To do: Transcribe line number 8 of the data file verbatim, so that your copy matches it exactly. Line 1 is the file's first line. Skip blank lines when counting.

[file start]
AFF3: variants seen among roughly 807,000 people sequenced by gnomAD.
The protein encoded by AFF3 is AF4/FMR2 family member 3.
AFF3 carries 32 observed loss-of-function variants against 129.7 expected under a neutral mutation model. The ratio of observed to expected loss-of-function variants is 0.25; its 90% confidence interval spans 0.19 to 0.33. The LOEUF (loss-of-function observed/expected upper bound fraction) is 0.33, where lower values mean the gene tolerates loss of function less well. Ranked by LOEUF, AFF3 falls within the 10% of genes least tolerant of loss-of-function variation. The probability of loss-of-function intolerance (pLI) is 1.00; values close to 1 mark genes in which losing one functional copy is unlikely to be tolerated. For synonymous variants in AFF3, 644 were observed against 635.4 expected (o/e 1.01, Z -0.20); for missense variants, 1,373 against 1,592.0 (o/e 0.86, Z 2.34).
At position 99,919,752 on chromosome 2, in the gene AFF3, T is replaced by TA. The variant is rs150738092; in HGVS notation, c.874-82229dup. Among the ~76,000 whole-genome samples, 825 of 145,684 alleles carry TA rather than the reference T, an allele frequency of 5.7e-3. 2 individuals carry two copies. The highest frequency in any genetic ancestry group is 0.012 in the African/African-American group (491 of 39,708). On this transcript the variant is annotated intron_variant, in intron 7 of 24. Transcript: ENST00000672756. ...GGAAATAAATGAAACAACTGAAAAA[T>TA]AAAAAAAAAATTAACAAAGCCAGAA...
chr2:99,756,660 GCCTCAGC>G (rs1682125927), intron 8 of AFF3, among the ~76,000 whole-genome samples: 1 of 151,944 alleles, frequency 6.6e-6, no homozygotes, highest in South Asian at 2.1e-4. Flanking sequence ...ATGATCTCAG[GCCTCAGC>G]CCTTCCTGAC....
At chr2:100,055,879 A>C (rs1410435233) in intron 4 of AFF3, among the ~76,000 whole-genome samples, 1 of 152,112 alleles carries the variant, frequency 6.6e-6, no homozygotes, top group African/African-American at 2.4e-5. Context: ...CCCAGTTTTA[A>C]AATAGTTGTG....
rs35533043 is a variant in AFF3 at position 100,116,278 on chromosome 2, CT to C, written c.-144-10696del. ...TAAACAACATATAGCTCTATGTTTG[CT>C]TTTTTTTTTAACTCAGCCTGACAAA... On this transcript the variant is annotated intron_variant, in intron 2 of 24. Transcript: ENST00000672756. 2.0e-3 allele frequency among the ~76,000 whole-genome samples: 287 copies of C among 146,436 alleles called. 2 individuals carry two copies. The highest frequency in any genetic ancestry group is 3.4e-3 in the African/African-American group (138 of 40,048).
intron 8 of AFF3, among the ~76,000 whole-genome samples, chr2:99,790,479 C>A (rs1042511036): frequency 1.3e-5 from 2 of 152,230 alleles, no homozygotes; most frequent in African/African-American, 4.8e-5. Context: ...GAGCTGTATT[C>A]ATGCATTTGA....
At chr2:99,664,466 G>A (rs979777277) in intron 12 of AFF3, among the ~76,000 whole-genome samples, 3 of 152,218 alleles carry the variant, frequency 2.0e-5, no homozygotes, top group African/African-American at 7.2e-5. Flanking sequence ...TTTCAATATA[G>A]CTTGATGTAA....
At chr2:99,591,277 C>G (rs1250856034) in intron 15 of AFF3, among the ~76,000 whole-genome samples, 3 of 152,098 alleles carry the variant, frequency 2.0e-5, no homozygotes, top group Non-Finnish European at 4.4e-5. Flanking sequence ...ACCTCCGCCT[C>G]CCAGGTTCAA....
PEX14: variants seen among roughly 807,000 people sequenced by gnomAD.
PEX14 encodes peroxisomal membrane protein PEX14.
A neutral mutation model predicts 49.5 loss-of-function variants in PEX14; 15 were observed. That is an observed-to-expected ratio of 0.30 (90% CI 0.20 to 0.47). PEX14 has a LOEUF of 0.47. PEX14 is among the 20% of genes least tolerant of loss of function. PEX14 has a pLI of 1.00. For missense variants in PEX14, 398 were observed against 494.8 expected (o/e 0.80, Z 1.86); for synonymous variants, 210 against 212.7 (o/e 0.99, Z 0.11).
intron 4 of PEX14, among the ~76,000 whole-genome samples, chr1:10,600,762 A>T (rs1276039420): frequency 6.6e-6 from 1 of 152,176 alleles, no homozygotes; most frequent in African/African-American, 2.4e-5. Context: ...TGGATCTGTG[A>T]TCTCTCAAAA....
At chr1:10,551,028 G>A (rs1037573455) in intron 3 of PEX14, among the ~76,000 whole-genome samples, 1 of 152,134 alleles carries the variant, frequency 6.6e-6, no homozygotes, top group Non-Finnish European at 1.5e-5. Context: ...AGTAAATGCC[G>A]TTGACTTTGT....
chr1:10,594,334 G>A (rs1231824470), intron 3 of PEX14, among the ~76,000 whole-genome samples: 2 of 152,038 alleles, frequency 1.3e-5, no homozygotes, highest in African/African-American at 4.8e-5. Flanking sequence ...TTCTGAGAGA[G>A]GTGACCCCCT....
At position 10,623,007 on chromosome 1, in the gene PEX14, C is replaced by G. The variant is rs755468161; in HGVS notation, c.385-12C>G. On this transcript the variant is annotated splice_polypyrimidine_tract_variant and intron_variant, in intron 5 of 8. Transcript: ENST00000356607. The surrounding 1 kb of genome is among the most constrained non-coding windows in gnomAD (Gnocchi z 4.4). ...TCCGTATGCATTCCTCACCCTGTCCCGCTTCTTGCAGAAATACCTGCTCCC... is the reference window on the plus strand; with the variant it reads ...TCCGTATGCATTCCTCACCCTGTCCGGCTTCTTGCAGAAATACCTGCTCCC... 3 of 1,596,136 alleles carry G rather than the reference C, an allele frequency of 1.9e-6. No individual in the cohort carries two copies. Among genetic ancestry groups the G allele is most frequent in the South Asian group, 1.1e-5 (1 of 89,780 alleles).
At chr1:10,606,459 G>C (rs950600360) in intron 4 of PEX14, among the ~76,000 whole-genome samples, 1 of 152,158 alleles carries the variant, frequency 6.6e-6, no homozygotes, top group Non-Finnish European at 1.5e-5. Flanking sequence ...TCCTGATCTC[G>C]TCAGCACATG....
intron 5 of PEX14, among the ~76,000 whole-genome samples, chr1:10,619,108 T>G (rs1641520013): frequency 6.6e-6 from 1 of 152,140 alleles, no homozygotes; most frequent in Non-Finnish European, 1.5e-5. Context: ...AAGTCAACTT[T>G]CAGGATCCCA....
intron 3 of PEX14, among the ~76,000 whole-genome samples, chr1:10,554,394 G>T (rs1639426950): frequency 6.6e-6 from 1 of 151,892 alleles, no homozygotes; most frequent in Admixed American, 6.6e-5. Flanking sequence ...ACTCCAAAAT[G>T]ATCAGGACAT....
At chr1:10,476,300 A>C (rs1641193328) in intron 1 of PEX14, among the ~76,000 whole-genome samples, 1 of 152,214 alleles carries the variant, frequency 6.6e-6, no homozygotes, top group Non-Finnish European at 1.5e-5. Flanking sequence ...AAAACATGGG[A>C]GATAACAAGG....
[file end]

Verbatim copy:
intron 8 of AFF3, among the ~76,000 whole-genome samples, chr2:99,790,479 C>A (rs1042511036): frequency 1.3e-5 from 2 of 152,230 alleles, no homozygotes; most frequent in African/African-American, 4.8e-5. Context: ...GAGCTGTATT[C>A]ATGCATTTGA....